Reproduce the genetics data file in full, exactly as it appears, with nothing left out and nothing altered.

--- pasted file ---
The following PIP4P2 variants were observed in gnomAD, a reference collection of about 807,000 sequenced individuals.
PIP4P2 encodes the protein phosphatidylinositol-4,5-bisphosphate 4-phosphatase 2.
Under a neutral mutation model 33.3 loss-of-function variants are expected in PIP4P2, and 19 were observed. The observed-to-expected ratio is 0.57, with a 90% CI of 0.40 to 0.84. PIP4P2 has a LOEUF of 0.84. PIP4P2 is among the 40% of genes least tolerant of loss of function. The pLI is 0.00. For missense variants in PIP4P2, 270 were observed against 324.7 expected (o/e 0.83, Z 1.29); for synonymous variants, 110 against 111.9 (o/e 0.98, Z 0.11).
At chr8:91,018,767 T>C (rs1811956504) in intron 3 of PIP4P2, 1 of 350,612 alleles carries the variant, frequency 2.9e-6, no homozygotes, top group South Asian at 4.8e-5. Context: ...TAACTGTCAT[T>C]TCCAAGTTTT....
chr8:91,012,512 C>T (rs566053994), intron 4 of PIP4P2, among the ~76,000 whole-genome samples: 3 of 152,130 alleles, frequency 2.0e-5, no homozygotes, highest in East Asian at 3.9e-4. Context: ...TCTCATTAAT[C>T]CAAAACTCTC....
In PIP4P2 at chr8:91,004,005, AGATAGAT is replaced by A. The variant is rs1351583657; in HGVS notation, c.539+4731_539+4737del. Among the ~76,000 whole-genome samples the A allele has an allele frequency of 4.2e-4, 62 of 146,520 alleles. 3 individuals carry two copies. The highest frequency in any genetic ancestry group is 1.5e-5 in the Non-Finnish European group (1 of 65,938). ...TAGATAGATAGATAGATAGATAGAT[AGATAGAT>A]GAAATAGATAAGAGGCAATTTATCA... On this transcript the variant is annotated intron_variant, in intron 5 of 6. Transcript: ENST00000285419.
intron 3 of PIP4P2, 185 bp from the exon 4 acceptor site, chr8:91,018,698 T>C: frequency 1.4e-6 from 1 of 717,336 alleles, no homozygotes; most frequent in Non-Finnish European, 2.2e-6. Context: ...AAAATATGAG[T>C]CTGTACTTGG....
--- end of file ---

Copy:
The following PIP4P2 variants were observed in gnomAD, a reference collection of about 807,000 sequenced individuals.
PIP4P2 encodes the protein phosphatidylinositol-4,5-bisphosphate 4-phosphatase 2.
Under a neutral mutation model 33.3 loss-of-function variants are expected in PIP4P2, and 19 were observed. The observed-to-expected ratio is 0.57, with a 90% CI of 0.40 to 0.84. PIP4P2 has a LOEUF of 0.84. PIP4P2 is among the 40% of genes least tolerant of loss of function. The pLI is 0.00. For missense variants in PIP4P2, 270 were observed against 324.7 expected (o/e 0.83, Z 1.29); for synonymous variants, 110 against 111.9 (o/e 0.98, Z 0.11).
At chr8:91,018,767 T>C (rs1811956504) in intron 3 of PIP4P2, 1 of 350,612 alleles carries the variant, frequency 2.9e-6, no homozygotes, top group South Asian at 4.8e-5. Context: ...TAACTGTCAT[T>C]TCCAAGTTTT....
chr8:91,012,512 C>T (rs566053994), intron 4 of PIP4P2, among the ~76,000 whole-genome samples: 3 of 152,130 alleles, frequency 2.0e-5, no homozygotes, highest in East Asian at 3.9e-4. Context: ...TCTCATTAAT[C>T]CAAAACTCTC....
In PIP4P2 at chr8:91,004,005, AGATAGAT is replaced by A. The variant is rs1351583657; in HGVS notation, c.539+4731_539+4737del. Among the ~76,000 whole-genome samples the A allele has an allele frequency of 4.2e-4, 62 of 146,520 alleles. 3 individuals carry two copies. The highest frequency in any genetic ancestry group is 1.5e-5 in the Non-Finnish European group (1 of 65,938). ...TAGATAGATAGATAGATAGATAGAT[AGATAGAT>A]GAAATAGATAAGAGGCAATTTATCA... On this transcript the variant is annotated intron_variant, in intron 5 of 6. Transcript: ENST00000285419.
intron 3 of PIP4P2, 185 bp from the exon 4 acceptor site, chr8:91,018,698 T>C: frequency 1.4e-6 from 1 of 717,336 alleles, no homozygotes; most frequent in Non-Finnish European, 2.2e-6. Context: ...AAAATATGAG[T>C]CTGTACTTGG....